Articles 2006: What if Icarus chooses the labyrinth? (Italian+English)

Ref: Porta S (2006), What if Icarus chooses the labyrinth?, in Porta S (ed), ‘Il più lungo errore del mondo?’ Il recupero dei quartieri di edilizia sociale: una questione anche disciplinare, Libreria Clup, Milano, 103-115.

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This article is the transcription of my talk at the seminar coordinated by Luc Faraldi entitled: “Questions de terrain ou la récalcitrance de l’observation”, held in Paris on February 6 2004 at the Ecole des Hautes Études en Sciences Sociales, Laboratoire de démographie historique. The text, here slightly changed, is published in French language in the seminar’s working papers: Faraldi L. (ed), 2005, “La partecipation des habitants et la démocratie locale”, Ministère délégué à la ville et a la rénovation urbane, Délégation Interministérielle à la ville, Saint-Denis, FR. (Sergio Porta).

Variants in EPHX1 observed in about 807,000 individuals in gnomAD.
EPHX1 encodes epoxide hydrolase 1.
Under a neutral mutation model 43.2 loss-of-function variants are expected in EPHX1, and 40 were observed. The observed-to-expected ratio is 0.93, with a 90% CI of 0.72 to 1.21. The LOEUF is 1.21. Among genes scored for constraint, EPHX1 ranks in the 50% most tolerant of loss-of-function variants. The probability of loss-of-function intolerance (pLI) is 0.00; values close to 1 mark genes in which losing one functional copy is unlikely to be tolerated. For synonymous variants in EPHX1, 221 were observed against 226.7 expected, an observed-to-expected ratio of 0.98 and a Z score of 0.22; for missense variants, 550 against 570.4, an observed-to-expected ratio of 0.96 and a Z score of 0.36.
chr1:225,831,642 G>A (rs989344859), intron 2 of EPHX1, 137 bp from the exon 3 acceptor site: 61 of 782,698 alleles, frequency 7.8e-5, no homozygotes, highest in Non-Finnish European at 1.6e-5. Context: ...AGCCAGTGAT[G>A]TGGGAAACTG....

It seems to me that the “new” participatory paradigms in urban processes are characterised by two, both opposing, components: one antipolitical and one anti-technical. Where politics are in participative processes? Or it would be better asking: where institutional politics are? Or again: where representative politics are? But also: where competence is in participative processes? Where are disciplines? Where technically informed representations? As an architect and an urban designer I often have had to reflect about the usefulness of my point of view within complex, and sometimes politically oriented, decisional arenas, as well as within processes open to direct social participation. What arguments is it worth producing? And especially: how should I produce them? Is it acceptable that my argument is so complicated that I cannot explain it to my baker? Or my colleague who is an expert in statistical sciences? Or even the director of my department who is involved in another area of my same discipline? I would like to spend a couple of words in this text on the second group of problems, beginning from another question that hopefully includes all the others: how can we avoid that technically informed arguments become another “abrasive machine” resulting in an impoverishment of the real world’s diversity rather than in its enrichment? In a sense…

NB_English text at the bottom of the article.